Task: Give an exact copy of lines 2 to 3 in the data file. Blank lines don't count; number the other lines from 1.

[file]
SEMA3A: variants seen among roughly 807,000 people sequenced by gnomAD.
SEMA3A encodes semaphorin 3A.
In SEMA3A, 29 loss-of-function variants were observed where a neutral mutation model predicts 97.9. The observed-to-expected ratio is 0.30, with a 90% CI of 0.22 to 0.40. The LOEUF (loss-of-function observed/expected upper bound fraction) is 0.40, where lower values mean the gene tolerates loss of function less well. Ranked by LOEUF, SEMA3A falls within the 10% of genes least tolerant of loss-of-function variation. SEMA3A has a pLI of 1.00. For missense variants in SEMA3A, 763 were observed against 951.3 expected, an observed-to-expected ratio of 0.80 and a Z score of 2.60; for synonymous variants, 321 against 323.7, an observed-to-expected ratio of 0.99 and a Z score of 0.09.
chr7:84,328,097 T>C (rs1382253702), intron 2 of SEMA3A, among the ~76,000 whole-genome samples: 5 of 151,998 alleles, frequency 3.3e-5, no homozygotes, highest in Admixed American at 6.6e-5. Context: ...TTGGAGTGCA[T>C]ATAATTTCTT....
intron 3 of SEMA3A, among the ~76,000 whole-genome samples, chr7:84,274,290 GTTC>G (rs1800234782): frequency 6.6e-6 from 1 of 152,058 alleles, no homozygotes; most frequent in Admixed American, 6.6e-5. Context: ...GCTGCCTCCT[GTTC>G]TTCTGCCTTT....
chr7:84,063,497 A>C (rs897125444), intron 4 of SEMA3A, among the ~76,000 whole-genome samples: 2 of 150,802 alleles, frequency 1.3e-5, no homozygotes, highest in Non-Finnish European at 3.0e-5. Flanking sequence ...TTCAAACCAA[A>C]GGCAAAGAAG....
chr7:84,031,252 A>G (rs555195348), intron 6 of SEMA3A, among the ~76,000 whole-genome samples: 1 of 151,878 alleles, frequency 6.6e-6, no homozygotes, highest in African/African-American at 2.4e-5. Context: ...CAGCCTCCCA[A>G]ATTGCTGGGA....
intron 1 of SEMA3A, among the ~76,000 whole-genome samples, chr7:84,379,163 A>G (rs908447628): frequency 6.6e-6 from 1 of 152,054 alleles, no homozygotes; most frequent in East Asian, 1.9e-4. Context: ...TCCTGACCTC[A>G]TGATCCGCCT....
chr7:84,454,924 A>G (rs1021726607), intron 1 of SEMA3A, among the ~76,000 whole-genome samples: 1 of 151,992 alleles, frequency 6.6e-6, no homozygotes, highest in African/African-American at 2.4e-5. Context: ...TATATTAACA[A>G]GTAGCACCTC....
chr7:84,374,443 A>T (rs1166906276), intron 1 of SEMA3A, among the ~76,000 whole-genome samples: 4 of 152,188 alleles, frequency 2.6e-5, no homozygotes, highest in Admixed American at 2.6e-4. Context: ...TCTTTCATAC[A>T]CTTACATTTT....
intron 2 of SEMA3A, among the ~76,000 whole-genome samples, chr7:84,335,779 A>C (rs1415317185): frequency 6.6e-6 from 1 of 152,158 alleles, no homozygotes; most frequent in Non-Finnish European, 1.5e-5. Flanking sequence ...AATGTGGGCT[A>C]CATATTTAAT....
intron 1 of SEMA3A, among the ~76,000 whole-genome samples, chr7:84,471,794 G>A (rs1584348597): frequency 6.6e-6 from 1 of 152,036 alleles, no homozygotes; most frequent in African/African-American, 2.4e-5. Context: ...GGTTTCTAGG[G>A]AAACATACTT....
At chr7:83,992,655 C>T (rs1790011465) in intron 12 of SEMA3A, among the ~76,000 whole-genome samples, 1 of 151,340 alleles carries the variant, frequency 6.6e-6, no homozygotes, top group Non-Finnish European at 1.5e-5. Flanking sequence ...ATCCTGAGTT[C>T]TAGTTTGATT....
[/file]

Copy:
SEMA3A encodes semaphorin 3A.
In SEMA3A, 29 loss-of-function variants were observed where a neutral mutation model predicts 97.9. The observed-to-expected ratio is 0.30, with a 90% CI of 0.22 to 0.40. The LOEUF (loss-of-function observed/expected upper bound fraction) is 0.40, where lower values mean the gene tolerates loss of function less well. Ranked by LOEUF, SEMA3A falls within the 10% of genes least tolerant of loss-of-function variation. SEMA3A has a pLI of 1.00. For missense variants in SEMA3A, 763 were observed against 951.3 expected, an observed-to-expected ratio of 0.80 and a Z score of 2.60; for synonymous variants, 321 against 323.7, an observed-to-expected ratio of 0.99 and a Z score of 0.09.